As part of facilitating the NYC 19th Century Baseball Interdisciplinary Symposium on November 15th at John Jay College (CUNY), I had the opportunity to offer the following opening remarks.
Base ball historians and base ball umpires have some things in common, the most important of which is a shared mission to "get it right." Umpires try objectively to interpret what they see to make the correct call, while base ball historians interpret and analyze facts to get the story "right," to help construct a house built on a rock of facts. Those who work in the pre-professional period (1840-1870) have the added challenge of not just trying to help build something, but also to help dispose of the debris of another house built not on the rock of facts, but upon the sand of myth - the Doubleday myth. When I give a talk on early New Jersey base ball, right at the beginning, I test the audience by observing that when the first New Jersey clubs were formed in 1855, base ball was a relatively new game since it had been invented less than 20 years earlier by Abner Doubleday in Cooperstown. When I say that, about one-third of the audience looks at me as if to say, "This guy doesn't know what he is talking about," another third seems to think, "I'm not sure, but this guy may not know what he's talking about," and the remaining third looks at the other two-thirds as if to say, "What's the problem?"
So myth deconstruction continues, but committed as we are to the belief that the history of base ball is a history of evolution, not creation, we shouldn't lose sight of the fact that the process of evolution has times and places that are especially noteworthy. The greater New York area is one of those places and the pre-professional era is one of those times. Here, during that period, base ball first became organized, first became competitive and first received significant media attention. That doesn't make the greater New York area base ball's birthplace, but it is fair to say it was the game's cradle or incubator.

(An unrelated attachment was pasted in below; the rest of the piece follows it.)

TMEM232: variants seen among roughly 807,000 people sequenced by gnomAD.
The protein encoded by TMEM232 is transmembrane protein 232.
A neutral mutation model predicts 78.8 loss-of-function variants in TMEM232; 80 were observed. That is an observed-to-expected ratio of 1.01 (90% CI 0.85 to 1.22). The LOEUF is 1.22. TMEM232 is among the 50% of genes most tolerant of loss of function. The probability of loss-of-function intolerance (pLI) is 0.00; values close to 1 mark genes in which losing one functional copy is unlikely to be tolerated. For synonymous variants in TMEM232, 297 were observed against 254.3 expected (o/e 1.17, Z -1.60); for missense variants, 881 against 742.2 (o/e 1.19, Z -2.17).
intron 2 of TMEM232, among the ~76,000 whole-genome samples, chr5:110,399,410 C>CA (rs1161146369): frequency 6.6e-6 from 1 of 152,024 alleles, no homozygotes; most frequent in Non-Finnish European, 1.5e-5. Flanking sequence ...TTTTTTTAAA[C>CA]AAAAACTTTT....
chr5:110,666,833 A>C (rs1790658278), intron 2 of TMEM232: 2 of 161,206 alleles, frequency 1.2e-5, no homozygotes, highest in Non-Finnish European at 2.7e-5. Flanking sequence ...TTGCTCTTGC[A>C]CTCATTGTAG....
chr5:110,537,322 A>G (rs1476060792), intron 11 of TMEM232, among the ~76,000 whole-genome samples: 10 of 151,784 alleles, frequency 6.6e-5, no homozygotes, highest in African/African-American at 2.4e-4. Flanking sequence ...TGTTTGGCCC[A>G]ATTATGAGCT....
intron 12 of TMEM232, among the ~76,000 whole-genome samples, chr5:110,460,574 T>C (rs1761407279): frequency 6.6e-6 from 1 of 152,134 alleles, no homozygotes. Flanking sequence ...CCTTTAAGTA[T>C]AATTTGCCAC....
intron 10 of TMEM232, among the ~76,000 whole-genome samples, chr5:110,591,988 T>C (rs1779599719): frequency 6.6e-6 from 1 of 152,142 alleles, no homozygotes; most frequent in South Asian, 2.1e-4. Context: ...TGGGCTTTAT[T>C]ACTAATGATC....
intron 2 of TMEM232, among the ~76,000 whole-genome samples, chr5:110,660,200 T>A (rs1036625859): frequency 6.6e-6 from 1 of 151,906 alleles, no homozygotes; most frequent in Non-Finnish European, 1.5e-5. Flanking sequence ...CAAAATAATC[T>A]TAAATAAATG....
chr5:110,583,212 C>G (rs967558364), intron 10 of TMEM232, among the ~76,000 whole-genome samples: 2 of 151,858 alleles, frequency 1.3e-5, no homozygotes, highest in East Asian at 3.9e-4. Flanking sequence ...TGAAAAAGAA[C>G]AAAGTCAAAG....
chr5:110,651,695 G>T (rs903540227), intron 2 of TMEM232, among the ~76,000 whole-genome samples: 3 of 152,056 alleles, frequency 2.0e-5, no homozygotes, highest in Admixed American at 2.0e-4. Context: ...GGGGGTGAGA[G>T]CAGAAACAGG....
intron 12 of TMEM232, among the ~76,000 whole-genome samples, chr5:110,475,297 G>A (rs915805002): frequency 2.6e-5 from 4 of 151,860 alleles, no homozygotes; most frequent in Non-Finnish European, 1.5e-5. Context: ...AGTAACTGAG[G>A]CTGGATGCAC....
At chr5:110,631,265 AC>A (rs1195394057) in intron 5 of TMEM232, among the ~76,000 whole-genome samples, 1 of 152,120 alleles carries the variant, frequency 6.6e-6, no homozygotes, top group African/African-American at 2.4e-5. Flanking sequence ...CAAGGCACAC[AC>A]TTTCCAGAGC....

In my view, it's also important to think of the greater New York regionally since different places made significant contributions. New York City gave the game a critical mass of organized clubs at the same time New Jersey provided an important playing venue and the first instance of organized African-American base ball while Brooklyn broadened the playing population and increased the level of competition. There were numerous interactions throughout the area some of which we most likely don't completely understand. For example, the Eagle Club of New York was one of the city's oldest clubs, but after 1856 at least half of its regular lineup was made up of Jersey City residents. Our initial reaction may be to wonder about far they had to travel to games when, in fact, their trip to neighboring Hoboken was easier than that of the New York members.
Thinking in terms of a geographic region is part of thinking about context. Today's symposium is all about context which is especially important for the pre-professional period because the fact that much about base ball was just getting started or just getting noticed means original source material is less readily available. For instance by 1860 in New Jersey, there was a random pattern of clubs throughout the northern part of the state - one connection seems to be that almost without exception the communities which had clubs also had a direct railroad link to Newark. What that means isn't entirely clear, but the knowledge opens ways to better understand how the game grew and spread throughout the state. Today, our hope is that by the end of the symposium, each of us will have a better understanding of the context that helped shaped "our game" in the greater New York area.